Matthew Olzmann



When Catullus says it,
it sounds more eloquent
than when I say it:
Nothing gets through to you, jackass.

When I forget
to put gas in the gas tank.
When I miss every deadline.
When I accidentally flood the kitchen.

When I buy the wrong kind of light bulbs
and everything I build goes dark
like a condemned building, and the news says
get ready for more of the same,

because everyone we know keeps
flying off this Earth, and it’s autumn now
so the leaves are letting go of their branches
as if they too are ready

to evacuate this town,
and one day— whether we like it or not—
we will follow, and my knuckles feel
rough and helpless

and I want to pound my face through the drywall
or heaven: nothing—not reason
or a tender voice—
nothing gets through.

Yes, there are other jackasses.
Better, more accomplished jackasses.
Cities. Countries.
Once, there was even a TV show dedicated

to men who skateboarded from the rooftops
of houses and garages, lit
themselves on fire, kicked each other
in the balls and laughed about it.

But they’ve got nothing on this jackass.
They had to try to be that stupid.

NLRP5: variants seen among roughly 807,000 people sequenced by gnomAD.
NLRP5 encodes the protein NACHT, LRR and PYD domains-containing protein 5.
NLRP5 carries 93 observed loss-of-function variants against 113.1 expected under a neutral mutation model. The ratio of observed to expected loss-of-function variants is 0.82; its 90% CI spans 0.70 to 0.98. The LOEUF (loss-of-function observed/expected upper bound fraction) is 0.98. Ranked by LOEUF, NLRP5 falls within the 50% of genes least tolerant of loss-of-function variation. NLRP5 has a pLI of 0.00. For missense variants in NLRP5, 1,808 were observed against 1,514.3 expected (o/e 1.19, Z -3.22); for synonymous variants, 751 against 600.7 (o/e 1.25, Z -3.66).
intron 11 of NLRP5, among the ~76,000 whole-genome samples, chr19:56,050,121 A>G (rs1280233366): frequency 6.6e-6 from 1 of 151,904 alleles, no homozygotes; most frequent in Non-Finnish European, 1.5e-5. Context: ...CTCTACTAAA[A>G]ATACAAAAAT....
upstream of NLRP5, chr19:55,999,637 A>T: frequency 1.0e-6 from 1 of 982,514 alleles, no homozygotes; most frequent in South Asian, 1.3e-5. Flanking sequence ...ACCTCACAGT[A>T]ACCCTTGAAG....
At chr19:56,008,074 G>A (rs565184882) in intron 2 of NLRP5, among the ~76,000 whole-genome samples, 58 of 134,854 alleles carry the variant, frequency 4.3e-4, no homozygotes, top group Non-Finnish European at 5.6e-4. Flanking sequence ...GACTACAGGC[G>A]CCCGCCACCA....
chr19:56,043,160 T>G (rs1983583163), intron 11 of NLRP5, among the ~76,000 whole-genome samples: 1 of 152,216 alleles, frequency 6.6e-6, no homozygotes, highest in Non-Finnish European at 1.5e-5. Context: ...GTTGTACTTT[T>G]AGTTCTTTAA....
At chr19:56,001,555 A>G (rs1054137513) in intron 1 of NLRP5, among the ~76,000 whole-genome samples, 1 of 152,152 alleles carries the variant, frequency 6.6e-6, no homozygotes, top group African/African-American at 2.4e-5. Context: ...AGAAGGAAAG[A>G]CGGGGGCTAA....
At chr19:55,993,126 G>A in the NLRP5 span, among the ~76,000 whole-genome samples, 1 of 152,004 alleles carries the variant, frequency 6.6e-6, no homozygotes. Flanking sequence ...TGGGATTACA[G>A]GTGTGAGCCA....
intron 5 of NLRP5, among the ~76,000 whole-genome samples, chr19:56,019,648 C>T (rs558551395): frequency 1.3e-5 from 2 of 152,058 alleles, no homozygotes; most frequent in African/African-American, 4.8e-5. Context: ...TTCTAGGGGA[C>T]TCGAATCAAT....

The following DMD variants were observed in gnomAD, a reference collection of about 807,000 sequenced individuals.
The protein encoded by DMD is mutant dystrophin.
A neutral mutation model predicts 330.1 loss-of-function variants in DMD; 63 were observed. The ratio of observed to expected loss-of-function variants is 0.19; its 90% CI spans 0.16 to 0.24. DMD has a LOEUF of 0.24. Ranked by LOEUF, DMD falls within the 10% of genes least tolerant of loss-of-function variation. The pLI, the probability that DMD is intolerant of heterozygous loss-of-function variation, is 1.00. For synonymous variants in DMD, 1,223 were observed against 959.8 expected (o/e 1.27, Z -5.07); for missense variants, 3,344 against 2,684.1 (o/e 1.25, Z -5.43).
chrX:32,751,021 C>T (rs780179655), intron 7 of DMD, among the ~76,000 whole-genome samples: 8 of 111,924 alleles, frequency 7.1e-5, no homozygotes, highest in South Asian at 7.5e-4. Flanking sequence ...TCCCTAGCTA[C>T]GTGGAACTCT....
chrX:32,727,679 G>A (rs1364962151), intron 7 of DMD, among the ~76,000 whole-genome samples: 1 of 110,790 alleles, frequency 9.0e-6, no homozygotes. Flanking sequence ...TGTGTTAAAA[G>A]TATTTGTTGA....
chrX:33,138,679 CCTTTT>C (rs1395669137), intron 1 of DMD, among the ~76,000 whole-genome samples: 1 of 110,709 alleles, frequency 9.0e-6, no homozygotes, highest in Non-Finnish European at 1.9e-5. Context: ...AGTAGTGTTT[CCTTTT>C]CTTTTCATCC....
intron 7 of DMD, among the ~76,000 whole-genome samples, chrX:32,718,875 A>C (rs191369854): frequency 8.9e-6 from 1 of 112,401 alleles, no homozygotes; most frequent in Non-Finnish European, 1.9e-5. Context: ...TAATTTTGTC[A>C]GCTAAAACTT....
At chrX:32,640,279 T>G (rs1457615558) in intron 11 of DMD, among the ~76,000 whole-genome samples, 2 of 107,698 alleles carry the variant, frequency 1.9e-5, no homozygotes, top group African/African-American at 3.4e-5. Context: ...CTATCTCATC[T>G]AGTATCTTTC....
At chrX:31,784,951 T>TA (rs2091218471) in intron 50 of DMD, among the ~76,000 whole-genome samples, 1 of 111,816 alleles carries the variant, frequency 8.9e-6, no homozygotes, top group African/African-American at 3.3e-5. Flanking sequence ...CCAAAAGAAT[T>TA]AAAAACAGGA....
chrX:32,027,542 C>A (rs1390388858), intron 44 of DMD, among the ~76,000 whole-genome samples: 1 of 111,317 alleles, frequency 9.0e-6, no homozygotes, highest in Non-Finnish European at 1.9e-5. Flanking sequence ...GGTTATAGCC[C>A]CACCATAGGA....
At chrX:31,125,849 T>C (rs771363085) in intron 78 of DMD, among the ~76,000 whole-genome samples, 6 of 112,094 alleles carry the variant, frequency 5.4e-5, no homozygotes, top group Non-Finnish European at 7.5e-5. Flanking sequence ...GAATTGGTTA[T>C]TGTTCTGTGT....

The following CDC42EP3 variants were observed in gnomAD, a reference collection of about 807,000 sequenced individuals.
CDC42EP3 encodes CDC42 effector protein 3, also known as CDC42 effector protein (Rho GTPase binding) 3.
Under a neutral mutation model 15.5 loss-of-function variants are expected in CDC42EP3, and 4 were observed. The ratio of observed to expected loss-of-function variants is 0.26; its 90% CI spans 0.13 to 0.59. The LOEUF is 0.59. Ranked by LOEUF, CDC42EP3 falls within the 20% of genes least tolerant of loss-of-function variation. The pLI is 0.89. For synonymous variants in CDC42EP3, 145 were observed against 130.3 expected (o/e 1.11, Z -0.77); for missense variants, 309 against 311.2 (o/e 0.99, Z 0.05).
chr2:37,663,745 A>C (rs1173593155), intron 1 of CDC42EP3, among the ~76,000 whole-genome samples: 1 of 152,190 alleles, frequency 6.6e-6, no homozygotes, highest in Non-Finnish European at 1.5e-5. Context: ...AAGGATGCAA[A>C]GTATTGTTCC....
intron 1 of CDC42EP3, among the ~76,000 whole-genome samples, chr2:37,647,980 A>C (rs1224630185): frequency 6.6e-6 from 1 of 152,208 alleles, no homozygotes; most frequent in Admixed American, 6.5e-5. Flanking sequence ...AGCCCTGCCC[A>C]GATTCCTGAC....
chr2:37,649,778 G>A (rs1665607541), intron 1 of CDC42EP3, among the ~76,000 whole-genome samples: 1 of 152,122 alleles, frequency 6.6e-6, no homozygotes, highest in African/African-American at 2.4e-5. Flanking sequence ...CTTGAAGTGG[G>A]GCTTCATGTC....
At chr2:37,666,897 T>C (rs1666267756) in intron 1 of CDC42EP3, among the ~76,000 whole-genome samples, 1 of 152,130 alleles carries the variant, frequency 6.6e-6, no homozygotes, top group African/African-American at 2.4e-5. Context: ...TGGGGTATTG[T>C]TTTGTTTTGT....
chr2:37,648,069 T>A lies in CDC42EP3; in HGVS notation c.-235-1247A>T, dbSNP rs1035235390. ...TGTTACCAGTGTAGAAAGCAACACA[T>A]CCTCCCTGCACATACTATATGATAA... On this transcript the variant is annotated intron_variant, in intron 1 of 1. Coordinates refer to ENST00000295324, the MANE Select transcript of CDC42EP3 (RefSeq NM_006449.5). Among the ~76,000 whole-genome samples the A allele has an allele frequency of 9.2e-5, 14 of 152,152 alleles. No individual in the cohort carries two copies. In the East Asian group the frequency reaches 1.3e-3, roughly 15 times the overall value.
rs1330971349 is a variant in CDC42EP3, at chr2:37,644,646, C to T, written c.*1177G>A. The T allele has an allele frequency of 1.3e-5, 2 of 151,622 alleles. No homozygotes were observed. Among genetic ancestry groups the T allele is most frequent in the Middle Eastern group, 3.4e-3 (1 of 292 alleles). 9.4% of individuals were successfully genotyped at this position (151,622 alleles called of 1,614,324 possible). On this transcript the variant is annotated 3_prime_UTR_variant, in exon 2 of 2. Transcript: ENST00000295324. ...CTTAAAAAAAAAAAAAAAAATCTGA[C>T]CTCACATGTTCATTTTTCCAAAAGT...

Me? I am working my hardest, every single day,
to act like a normal person.

But I slam a door when I mean
to say I love you.
I back my car into another
when I’m trying to move forward.




In the ravine, the water seems to know the path
to the rest of the water that hums ahead, miles away.
Some would correct me here, say:
No, that’s not a “river,” but a “stream” or a “brook.”
But the river doesn’t care about its name,
it would never correct you,
and there’s something
to be said about how it’s performed
its task for centuries,
how it’s memorized
the contours of each dip and crag,
each canyon and fall, the fat
stones, the trunks of fallen trees (it believes
it must touch them all in the same
perfect order each time!) before reaching its end:
a blueness, bigger than imagined.
And when the water of the river
meets the water of something larger,
it never asks how or why it got there,
it doesn’t question its purpose or wonder where it’s going:
it just glistens, rushes forward, and is gone.


MATTHEW OLZMANN‘s first book of poems, Mezzanines, was selected for the Kundiman Poetry Prize and is forthcoming from Alice James Books.


Read more work by Matthew Olzmann:

Kenyon Review
New England Review
Poetry Northwest